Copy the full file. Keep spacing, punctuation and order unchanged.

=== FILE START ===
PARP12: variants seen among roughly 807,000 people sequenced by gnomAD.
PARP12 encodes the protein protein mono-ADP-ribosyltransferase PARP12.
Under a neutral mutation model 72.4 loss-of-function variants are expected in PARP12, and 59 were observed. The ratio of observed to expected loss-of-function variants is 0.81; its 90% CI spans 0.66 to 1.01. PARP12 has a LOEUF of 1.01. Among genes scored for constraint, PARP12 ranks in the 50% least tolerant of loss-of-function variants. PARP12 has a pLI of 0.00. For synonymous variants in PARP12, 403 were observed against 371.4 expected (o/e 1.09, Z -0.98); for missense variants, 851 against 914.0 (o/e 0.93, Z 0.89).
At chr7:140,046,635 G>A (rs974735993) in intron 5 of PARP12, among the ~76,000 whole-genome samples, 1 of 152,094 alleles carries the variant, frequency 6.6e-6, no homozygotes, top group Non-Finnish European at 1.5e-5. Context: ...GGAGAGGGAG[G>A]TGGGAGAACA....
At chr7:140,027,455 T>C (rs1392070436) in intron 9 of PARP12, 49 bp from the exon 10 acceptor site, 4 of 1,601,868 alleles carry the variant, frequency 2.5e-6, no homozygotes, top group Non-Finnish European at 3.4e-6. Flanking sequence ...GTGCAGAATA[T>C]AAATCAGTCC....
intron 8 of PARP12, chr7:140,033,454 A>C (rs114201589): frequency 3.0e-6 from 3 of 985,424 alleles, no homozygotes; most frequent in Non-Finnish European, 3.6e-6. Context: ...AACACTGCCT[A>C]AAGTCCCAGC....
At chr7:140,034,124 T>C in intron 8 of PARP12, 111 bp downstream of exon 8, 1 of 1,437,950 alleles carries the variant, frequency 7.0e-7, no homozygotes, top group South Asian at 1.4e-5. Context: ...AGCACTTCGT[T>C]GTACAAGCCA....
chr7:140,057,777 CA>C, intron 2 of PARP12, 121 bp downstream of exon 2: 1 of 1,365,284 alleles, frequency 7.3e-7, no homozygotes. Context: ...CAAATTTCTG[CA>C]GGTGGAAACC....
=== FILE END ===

PARP12: variants seen among roughly 807,000 people sequenced by gnomAD.
PARP12 encodes the protein protein mono-ADP-ribosyltransferase PARP12.
Under a neutral mutation model 72.4 loss-of-function variants are expected in PARP12, and 59 were observed. The ratio of observed to expected loss-of-function variants is 0.81; its 90% CI spans 0.66 to 1.01. PARP12 has a LOEUF of 1.01. Among genes scored for constraint, PARP12 ranks in the 50% least tolerant of loss-of-function variants. PARP12 has a pLI of 0.00. For synonymous variants in PARP12, 403 were observed against 371.4 expected (o/e 1.09, Z -0.98); for missense variants, 851 against 914.0 (o/e 0.93, Z 0.89).
At chr7:140,046,635 G>A (rs974735993) in intron 5 of PARP12, among the ~76,000 whole-genome samples, 1 of 152,094 alleles carries the variant, frequency 6.6e-6, no homozygotes, top group Non-Finnish European at 1.5e-5. Context: ...GGAGAGGGAG[G>A]TGGGAGAACA....
At chr7:140,027,455 T>C (rs1392070436) in intron 9 of PARP12, 49 bp from the exon 10 acceptor site, 4 of 1,601,868 alleles carry the variant, frequency 2.5e-6, no homozygotes, top group Non-Finnish European at 3.4e-6. Flanking sequence ...GTGCAGAATA[T>C]AAATCAGTCC....
intron 8 of PARP12, chr7:140,033,454 A>C (rs114201589): frequency 3.0e-6 from 3 of 985,424 alleles, no homozygotes; most frequent in Non-Finnish European, 3.6e-6. Context: ...AACACTGCCT[A>C]AAGTCCCAGC....
At chr7:140,034,124 T>C in intron 8 of PARP12, 111 bp downstream of exon 8, 1 of 1,437,950 alleles carries the variant, frequency 7.0e-7, no homozygotes, top group South Asian at 1.4e-5. Context: ...AGCACTTCGT[T>C]GTACAAGCCA....
chr7:140,057,777 CA>C, intron 2 of PARP12, 121 bp downstream of exon 2: 1 of 1,365,284 alleles, frequency 7.3e-7, no homozygotes. Context: ...CAAATTTCTG[CA>C]GGTGGAAACC....